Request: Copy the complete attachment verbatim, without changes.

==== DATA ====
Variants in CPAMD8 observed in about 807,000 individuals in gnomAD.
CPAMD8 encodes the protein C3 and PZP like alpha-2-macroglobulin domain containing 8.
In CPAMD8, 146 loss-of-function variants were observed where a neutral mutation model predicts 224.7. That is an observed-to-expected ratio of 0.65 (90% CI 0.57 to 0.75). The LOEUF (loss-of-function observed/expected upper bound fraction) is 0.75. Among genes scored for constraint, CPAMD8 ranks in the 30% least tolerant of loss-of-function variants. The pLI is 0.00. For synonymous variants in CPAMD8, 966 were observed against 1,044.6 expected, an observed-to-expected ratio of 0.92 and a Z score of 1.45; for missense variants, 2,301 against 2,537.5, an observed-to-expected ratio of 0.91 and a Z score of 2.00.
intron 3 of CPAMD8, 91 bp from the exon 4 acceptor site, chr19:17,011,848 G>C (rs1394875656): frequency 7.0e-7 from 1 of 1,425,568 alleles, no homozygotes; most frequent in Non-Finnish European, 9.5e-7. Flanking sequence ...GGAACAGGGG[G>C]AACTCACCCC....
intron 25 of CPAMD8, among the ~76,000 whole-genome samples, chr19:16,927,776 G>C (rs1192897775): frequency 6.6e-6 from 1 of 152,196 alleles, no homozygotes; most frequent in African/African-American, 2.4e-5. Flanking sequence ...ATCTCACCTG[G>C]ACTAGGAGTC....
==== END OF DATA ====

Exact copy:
Variants in CPAMD8 observed in about 807,000 individuals in gnomAD.
CPAMD8 encodes the protein C3 and PZP like alpha-2-macroglobulin domain containing 8.
In CPAMD8, 146 loss-of-function variants were observed where a neutral mutation model predicts 224.7. That is an observed-to-expected ratio of 0.65 (90% CI 0.57 to 0.75). The LOEUF (loss-of-function observed/expected upper bound fraction) is 0.75. Among genes scored for constraint, CPAMD8 ranks in the 30% least tolerant of loss-of-function variants. The pLI is 0.00. For synonymous variants in CPAMD8, 966 were observed against 1,044.6 expected, an observed-to-expected ratio of 0.92 and a Z score of 1.45; for missense variants, 2,301 against 2,537.5, an observed-to-expected ratio of 0.91 and a Z score of 2.00.
intron 3 of CPAMD8, 91 bp from the exon 4 acceptor site, chr19:17,011,848 G>C (rs1394875656): frequency 7.0e-7 from 1 of 1,425,568 alleles, no homozygotes; most frequent in Non-Finnish European, 9.5e-7. Flanking sequence ...GGAACAGGGG[G>C]AACTCACCCC....
intron 25 of CPAMD8, among the ~76,000 whole-genome samples, chr19:16,927,776 G>C (rs1192897775): frequency 6.6e-6 from 1 of 152,196 alleles, no homozygotes; most frequent in African/African-American, 2.4e-5. Flanking sequence ...ATCTCACCTG[G>C]ACTAGGAGTC....